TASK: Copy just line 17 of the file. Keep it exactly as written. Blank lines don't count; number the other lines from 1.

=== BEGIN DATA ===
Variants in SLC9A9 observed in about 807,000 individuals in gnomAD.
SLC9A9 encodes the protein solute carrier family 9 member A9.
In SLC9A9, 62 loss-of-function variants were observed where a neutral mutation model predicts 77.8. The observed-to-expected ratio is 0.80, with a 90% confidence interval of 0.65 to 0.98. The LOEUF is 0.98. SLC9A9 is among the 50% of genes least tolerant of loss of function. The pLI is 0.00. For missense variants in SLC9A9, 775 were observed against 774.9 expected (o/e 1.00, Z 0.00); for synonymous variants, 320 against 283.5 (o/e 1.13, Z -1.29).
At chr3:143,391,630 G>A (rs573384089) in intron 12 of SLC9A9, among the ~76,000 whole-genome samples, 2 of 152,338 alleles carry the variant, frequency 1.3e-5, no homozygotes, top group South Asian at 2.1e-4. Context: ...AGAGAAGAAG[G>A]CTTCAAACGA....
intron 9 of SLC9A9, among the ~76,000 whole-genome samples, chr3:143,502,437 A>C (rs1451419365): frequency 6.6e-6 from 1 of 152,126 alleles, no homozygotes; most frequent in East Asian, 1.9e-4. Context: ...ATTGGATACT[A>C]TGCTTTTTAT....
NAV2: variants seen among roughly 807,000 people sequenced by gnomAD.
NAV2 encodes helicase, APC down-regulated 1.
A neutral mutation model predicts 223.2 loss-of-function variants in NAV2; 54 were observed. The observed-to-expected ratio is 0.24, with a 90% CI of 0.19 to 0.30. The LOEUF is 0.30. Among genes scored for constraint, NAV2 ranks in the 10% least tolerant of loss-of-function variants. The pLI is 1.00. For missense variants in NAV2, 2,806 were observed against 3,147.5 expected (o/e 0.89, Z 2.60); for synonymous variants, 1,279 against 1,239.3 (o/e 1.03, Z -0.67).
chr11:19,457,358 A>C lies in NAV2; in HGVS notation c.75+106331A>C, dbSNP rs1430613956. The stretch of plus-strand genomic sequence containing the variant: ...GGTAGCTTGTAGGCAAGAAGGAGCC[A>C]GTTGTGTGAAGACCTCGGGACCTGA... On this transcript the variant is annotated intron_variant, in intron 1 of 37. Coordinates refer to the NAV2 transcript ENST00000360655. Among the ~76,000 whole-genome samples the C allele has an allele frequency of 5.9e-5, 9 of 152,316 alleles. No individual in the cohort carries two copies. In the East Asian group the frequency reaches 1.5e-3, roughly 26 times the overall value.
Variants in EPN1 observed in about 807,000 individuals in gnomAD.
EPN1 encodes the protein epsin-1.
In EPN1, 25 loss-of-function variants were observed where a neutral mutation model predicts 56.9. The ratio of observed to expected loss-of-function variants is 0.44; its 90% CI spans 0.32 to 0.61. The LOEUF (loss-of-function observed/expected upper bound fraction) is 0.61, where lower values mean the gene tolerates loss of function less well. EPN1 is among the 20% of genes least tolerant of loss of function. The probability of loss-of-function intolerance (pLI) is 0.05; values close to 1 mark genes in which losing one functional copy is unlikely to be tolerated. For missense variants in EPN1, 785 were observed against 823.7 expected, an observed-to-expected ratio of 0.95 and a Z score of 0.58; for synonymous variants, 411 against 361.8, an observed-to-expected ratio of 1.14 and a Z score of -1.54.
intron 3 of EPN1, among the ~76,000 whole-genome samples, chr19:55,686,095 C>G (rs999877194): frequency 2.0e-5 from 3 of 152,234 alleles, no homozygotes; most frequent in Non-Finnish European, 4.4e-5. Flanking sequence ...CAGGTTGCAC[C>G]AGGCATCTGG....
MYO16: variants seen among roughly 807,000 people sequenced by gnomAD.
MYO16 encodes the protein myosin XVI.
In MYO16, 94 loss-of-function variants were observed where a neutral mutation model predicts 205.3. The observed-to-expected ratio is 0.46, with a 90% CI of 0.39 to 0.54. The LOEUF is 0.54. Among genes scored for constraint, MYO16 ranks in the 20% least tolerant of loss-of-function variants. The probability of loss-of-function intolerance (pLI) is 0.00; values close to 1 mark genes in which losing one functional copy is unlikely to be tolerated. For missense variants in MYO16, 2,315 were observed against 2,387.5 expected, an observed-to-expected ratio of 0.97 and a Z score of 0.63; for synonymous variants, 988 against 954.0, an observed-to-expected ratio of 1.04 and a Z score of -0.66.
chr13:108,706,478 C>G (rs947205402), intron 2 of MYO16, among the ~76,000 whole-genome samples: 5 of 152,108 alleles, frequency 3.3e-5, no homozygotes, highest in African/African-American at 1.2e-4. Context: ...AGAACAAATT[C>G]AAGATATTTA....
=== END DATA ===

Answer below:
chr13:108,706,478 C>G (rs947205402), intron 2 of MYO16, among the ~76,000 whole-genome samples: 5 of 152,108 alleles, frequency 3.3e-5, no homozygotes, highest in African/African-American at 1.2e-4. Context: ...AGAACAAATT[C>G]AAGATATTTA....